Otago University logo A latest study has discovered that relaxation techniques aid in maintaining weight loss in obese or overweight women. This non-dieting technique is believed to have longer positive health and over-all well being effects. This study was conducted by the University of Otago.

This discovery is based on the two-year follow-up of a previous Otago research project of the efficiency of non-dieting approaches in enhancing lifestyle patterns and health, and bringing about a reduction in psychological stress. More than 200 women with Body Mass Index of 28 or higher were randomly placed in any one of the three intervention programmes. These programmes encouraged women to shift their attention from body weight and calorie counting to an enhanced lifestyle leading to an overall well being irrespective of weight loss.

The results had revealed that these subjects were able to prevent further weight gain over the two year follow-up period. This suggests a marked improvement in the group susceptible to weight gain over time. Study co-author, Dr. Caroline Horwath of the Department of Human Nutrition, adds that, “However, the most striking result was in the non-dieting intervention that also included intensive training in techniques to elicit the body’s relaxation response. At the two-year mark, these women were the only ones to maintain the psychological and medical symptom improvements they showed at the end of the first year.”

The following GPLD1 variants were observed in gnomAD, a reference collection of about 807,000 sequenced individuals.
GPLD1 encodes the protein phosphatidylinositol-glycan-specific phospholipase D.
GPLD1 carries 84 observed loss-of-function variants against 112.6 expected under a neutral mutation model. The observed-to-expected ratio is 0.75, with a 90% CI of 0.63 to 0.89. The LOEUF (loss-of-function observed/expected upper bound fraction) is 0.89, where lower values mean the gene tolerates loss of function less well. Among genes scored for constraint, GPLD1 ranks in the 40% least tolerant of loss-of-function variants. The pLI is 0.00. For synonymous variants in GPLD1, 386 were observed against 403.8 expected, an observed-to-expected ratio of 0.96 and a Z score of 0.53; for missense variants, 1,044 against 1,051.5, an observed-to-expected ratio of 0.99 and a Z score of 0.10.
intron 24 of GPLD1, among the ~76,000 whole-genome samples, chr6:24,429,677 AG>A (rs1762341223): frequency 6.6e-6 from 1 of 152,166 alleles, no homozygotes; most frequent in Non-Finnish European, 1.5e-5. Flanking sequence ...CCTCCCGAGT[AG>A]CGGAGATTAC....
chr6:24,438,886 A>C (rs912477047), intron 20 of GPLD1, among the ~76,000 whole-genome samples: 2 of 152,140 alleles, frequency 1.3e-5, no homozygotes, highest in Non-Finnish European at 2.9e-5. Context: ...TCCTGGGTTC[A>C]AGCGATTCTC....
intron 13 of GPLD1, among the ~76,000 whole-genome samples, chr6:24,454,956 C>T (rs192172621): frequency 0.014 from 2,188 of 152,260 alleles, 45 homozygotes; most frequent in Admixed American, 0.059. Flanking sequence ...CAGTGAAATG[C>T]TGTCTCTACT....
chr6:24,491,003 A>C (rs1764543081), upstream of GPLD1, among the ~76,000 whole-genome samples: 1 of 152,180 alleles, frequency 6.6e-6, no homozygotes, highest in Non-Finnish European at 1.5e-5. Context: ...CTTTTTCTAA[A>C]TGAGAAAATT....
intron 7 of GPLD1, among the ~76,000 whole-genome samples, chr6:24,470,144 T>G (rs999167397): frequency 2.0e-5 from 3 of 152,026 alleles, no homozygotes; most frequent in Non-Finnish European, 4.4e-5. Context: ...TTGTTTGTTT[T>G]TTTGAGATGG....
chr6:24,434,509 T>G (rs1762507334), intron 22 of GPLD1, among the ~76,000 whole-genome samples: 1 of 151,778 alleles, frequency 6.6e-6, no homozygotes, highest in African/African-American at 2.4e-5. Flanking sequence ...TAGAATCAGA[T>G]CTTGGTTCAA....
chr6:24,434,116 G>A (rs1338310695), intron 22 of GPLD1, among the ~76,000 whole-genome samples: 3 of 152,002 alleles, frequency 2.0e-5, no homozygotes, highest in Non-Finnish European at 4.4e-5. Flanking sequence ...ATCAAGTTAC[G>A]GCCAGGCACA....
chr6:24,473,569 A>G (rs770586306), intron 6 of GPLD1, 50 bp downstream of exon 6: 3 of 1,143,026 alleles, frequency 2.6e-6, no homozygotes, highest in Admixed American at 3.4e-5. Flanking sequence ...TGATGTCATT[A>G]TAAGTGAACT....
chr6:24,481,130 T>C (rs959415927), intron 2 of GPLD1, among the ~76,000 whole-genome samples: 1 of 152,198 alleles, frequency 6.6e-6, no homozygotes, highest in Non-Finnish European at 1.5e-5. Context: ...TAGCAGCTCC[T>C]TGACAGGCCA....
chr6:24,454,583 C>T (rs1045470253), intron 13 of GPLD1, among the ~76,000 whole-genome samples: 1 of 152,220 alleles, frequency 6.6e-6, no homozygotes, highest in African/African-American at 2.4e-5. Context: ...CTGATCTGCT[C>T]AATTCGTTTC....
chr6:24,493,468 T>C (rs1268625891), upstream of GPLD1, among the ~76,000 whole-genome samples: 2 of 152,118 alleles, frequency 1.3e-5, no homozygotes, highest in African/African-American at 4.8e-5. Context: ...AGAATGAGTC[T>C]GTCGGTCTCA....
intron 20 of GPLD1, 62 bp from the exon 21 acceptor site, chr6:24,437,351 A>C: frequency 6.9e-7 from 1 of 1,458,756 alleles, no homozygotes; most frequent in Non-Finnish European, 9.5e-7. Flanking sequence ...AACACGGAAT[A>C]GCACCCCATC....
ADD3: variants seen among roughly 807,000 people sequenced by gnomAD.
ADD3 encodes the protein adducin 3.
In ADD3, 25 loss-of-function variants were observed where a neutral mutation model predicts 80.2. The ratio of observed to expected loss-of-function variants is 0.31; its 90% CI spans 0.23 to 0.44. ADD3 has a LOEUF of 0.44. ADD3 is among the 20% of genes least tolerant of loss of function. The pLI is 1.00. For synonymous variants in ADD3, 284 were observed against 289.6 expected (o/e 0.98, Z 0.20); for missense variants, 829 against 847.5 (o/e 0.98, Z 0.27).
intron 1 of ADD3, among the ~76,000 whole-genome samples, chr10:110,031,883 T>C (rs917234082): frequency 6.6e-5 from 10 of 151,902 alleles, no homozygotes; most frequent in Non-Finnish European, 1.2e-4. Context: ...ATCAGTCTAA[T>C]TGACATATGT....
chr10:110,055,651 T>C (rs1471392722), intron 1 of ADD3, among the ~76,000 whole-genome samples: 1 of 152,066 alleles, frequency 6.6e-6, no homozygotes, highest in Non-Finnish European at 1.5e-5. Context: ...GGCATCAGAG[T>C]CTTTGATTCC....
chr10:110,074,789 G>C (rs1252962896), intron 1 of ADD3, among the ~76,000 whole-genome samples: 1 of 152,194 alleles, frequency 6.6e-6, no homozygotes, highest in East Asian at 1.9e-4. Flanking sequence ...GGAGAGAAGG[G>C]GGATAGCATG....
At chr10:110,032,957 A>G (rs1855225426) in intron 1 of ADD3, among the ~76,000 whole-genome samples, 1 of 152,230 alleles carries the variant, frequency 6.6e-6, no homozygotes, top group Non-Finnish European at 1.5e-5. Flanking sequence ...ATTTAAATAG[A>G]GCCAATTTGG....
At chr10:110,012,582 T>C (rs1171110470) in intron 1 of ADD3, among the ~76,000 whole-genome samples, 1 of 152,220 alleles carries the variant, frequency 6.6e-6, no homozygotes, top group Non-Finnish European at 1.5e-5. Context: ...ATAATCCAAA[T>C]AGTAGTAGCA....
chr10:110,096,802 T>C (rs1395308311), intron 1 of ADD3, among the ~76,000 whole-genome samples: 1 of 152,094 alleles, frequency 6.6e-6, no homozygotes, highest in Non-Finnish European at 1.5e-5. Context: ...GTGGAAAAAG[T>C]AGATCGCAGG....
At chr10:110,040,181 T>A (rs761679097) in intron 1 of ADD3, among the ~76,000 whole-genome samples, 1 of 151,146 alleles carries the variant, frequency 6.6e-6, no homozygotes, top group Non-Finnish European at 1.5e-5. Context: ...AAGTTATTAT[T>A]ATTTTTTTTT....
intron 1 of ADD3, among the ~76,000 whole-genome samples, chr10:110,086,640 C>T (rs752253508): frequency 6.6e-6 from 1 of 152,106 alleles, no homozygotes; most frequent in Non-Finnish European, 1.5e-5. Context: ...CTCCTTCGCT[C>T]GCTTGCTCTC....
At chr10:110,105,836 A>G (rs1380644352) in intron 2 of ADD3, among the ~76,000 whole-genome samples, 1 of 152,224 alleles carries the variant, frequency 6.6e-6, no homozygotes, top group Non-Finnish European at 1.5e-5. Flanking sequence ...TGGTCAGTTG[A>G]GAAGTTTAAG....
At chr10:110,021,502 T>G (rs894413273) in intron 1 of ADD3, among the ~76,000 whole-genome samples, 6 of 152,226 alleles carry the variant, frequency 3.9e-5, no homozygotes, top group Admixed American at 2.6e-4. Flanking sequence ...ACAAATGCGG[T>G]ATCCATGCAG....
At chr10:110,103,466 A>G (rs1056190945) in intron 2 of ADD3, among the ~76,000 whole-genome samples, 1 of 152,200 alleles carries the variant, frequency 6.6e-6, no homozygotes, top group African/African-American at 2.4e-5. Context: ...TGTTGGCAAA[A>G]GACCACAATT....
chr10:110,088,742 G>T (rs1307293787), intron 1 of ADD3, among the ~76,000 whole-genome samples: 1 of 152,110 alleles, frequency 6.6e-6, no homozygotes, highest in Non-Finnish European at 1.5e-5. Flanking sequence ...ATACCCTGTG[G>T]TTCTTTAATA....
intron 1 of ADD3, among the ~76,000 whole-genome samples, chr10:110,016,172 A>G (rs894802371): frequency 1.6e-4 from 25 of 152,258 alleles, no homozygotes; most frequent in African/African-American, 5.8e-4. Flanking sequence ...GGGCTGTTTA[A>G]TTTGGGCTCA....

Dr. Horwath says negative emotions and stress can cause women to over-eat. She suggests practicing relaxation techniques like progressive muscle relaxation, visualization and abdominal breathing. These practices may aid women in managing their stress and emotions efficiently, which may prompt them to steer clear of unhealthy means of combating their emotions, like overeating. It is stated that these relaxation techniques were inspired from a Harvard Mind-Body Medical Institute programme.

The study investigators state that this is believed to be the first randomized trial conducted, which determines the outcome that an intensive training has in relaxation techniques in a lifestyle change programme, designed for overweight women. They say that a detailed analysis needs to be conducted in order to evaluate their study findings.

Their latest findings are published in the US journal Preventive Medicine.